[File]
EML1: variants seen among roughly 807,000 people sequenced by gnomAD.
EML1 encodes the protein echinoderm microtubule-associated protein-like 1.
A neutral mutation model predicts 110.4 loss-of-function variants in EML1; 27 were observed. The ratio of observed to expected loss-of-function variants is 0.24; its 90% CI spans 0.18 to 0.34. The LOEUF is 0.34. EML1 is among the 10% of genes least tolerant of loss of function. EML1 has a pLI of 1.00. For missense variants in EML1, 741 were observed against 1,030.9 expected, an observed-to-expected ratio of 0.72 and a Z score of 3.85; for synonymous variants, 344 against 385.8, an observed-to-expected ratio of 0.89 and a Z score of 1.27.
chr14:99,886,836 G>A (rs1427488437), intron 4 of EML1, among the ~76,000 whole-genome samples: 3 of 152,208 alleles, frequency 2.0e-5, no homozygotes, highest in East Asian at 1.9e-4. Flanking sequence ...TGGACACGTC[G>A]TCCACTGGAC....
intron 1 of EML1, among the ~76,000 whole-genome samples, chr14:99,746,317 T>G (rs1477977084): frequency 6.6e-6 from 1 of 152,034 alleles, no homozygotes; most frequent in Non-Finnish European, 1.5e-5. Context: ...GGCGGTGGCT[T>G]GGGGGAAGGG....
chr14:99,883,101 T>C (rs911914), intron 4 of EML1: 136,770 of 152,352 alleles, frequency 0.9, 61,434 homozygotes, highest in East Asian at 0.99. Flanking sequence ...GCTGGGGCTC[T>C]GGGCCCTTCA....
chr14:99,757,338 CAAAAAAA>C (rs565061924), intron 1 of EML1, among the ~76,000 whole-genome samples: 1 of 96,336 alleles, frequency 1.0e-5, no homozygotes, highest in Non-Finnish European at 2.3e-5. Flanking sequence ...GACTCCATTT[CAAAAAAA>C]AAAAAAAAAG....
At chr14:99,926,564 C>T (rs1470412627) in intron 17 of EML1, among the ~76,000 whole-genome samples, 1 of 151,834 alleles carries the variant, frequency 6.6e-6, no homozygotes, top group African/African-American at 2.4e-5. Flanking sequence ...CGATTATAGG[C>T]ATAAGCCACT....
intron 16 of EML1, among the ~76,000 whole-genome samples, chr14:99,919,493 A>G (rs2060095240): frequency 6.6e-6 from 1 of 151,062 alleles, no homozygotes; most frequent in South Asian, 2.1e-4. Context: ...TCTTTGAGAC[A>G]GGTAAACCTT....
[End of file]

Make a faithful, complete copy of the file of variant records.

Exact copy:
EML1: variants seen among roughly 807,000 people sequenced by gnomAD.
EML1 encodes the protein echinoderm microtubule-associated protein-like 1.
A neutral mutation model predicts 110.4 loss-of-function variants in EML1; 27 were observed. The ratio of observed to expected loss-of-function variants is 0.24; its 90% CI spans 0.18 to 0.34. The LOEUF is 0.34. EML1 is among the 10% of genes least tolerant of loss of function. EML1 has a pLI of 1.00. For missense variants in EML1, 741 were observed against 1,030.9 expected, an observed-to-expected ratio of 0.72 and a Z score of 3.85; for synonymous variants, 344 against 385.8, an observed-to-expected ratio of 0.89 and a Z score of 1.27.
chr14:99,886,836 G>A (rs1427488437), intron 4 of EML1, among the ~76,000 whole-genome samples: 3 of 152,208 alleles, frequency 2.0e-5, no homozygotes, highest in East Asian at 1.9e-4. Flanking sequence ...TGGACACGTC[G>A]TCCACTGGAC....
intron 1 of EML1, among the ~76,000 whole-genome samples, chr14:99,746,317 T>G (rs1477977084): frequency 6.6e-6 from 1 of 152,034 alleles, no homozygotes; most frequent in Non-Finnish European, 1.5e-5. Context: ...GGCGGTGGCT[T>G]GGGGGAAGGG....
chr14:99,883,101 T>C (rs911914), intron 4 of EML1: 136,770 of 152,352 alleles, frequency 0.9, 61,434 homozygotes, highest in East Asian at 0.99. Flanking sequence ...GCTGGGGCTC[T>C]GGGCCCTTCA....
chr14:99,757,338 CAAAAAAA>C (rs565061924), intron 1 of EML1, among the ~76,000 whole-genome samples: 1 of 96,336 alleles, frequency 1.0e-5, no homozygotes, highest in Non-Finnish European at 2.3e-5. Flanking sequence ...GACTCCATTT[CAAAAAAA>C]AAAAAAAAAG....
At chr14:99,926,564 C>T (rs1470412627) in intron 17 of EML1, among the ~76,000 whole-genome samples, 1 of 151,834 alleles carries the variant, frequency 6.6e-6, no homozygotes, top group African/African-American at 2.4e-5. Flanking sequence ...CGATTATAGG[C>T]ATAAGCCACT....
intron 16 of EML1, among the ~76,000 whole-genome samples, chr14:99,919,493 A>G (rs2060095240): frequency 6.6e-6 from 1 of 151,062 alleles, no homozygotes; most frequent in South Asian, 2.1e-4. Context: ...TCTTTGAGAC[A>G]GGTAAACCTT....